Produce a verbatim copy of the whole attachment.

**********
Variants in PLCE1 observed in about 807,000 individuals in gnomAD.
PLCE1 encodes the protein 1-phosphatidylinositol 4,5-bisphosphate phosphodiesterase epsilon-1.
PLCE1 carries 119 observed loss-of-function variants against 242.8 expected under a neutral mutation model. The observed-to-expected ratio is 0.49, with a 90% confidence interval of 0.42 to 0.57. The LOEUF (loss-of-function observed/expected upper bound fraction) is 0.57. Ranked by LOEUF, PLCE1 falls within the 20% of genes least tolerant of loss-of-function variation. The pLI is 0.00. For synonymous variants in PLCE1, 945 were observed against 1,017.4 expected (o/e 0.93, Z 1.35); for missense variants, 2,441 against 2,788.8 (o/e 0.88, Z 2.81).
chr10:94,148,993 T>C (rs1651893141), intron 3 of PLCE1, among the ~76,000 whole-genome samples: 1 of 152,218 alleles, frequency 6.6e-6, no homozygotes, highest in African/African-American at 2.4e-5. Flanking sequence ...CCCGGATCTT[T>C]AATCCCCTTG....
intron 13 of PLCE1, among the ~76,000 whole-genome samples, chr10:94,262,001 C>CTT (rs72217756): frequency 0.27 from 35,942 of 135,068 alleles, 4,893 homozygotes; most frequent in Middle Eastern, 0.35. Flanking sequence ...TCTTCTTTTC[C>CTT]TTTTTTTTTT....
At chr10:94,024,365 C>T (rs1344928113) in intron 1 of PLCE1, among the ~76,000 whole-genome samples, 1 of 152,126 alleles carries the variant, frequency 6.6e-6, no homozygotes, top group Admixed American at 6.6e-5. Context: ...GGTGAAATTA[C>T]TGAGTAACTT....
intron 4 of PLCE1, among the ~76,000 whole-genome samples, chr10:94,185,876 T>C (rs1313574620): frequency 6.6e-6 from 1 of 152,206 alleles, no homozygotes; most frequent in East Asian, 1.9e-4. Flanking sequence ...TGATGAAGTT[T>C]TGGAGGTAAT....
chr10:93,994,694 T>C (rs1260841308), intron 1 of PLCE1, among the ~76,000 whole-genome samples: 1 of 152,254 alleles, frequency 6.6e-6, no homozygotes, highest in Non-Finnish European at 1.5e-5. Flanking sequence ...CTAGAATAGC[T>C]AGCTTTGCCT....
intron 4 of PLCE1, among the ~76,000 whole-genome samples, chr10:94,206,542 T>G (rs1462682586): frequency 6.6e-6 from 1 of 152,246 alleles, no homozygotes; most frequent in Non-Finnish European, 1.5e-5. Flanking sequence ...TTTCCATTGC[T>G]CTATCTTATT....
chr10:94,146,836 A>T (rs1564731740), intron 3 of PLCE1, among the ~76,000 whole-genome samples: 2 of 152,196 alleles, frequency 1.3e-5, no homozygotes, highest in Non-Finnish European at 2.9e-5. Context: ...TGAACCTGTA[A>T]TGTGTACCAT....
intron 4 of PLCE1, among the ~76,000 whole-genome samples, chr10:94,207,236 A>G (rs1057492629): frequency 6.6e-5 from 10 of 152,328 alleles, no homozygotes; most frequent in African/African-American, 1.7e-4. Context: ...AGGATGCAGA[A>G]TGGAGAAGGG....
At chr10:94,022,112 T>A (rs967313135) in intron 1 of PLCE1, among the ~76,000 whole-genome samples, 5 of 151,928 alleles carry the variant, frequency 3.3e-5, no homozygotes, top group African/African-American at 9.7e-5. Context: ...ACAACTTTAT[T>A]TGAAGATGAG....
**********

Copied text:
Variants in PLCE1 observed in about 807,000 individuals in gnomAD.
PLCE1 encodes the protein 1-phosphatidylinositol 4,5-bisphosphate phosphodiesterase epsilon-1.
PLCE1 carries 119 observed loss-of-function variants against 242.8 expected under a neutral mutation model. The observed-to-expected ratio is 0.49, with a 90% confidence interval of 0.42 to 0.57. The LOEUF (loss-of-function observed/expected upper bound fraction) is 0.57. Ranked by LOEUF, PLCE1 falls within the 20% of genes least tolerant of loss-of-function variation. The pLI is 0.00. For synonymous variants in PLCE1, 945 were observed against 1,017.4 expected (o/e 0.93, Z 1.35); for missense variants, 2,441 against 2,788.8 (o/e 0.88, Z 2.81).
chr10:94,148,993 T>C (rs1651893141), intron 3 of PLCE1, among the ~76,000 whole-genome samples: 1 of 152,218 alleles, frequency 6.6e-6, no homozygotes, highest in African/African-American at 2.4e-5. Flanking sequence ...CCCGGATCTT[T>C]AATCCCCTTG....
intron 13 of PLCE1, among the ~76,000 whole-genome samples, chr10:94,262,001 C>CTT (rs72217756): frequency 0.27 from 35,942 of 135,068 alleles, 4,893 homozygotes; most frequent in Middle Eastern, 0.35. Flanking sequence ...TCTTCTTTTC[C>CTT]TTTTTTTTTT....
At chr10:94,024,365 C>T (rs1344928113) in intron 1 of PLCE1, among the ~76,000 whole-genome samples, 1 of 152,126 alleles carries the variant, frequency 6.6e-6, no homozygotes, top group Admixed American at 6.6e-5. Context: ...GGTGAAATTA[C>T]TGAGTAACTT....
intron 4 of PLCE1, among the ~76,000 whole-genome samples, chr10:94,185,876 T>C (rs1313574620): frequency 6.6e-6 from 1 of 152,206 alleles, no homozygotes; most frequent in East Asian, 1.9e-4. Flanking sequence ...TGATGAAGTT[T>C]TGGAGGTAAT....
chr10:93,994,694 T>C (rs1260841308), intron 1 of PLCE1, among the ~76,000 whole-genome samples: 1 of 152,254 alleles, frequency 6.6e-6, no homozygotes, highest in Non-Finnish European at 1.5e-5. Flanking sequence ...CTAGAATAGC[T>C]AGCTTTGCCT....
intron 4 of PLCE1, among the ~76,000 whole-genome samples, chr10:94,206,542 T>G (rs1462682586): frequency 6.6e-6 from 1 of 152,246 alleles, no homozygotes; most frequent in Non-Finnish European, 1.5e-5. Flanking sequence ...TTTCCATTGC[T>G]CTATCTTATT....
chr10:94,146,836 A>T (rs1564731740), intron 3 of PLCE1, among the ~76,000 whole-genome samples: 2 of 152,196 alleles, frequency 1.3e-5, no homozygotes, highest in Non-Finnish European at 2.9e-5. Context: ...TGAACCTGTA[A>T]TGTGTACCAT....
intron 4 of PLCE1, among the ~76,000 whole-genome samples, chr10:94,207,236 A>G (rs1057492629): frequency 6.6e-5 from 10 of 152,328 alleles, no homozygotes; most frequent in African/African-American, 1.7e-4. Context: ...AGGATGCAGA[A>G]TGGAGAAGGG....
At chr10:94,022,112 T>A (rs967313135) in intron 1 of PLCE1, among the ~76,000 whole-genome samples, 5 of 151,928 alleles carry the variant, frequency 3.3e-5, no homozygotes, top group African/African-American at 9.7e-5. Context: ...ACAACTTTAT[T>A]TGAAGATGAG....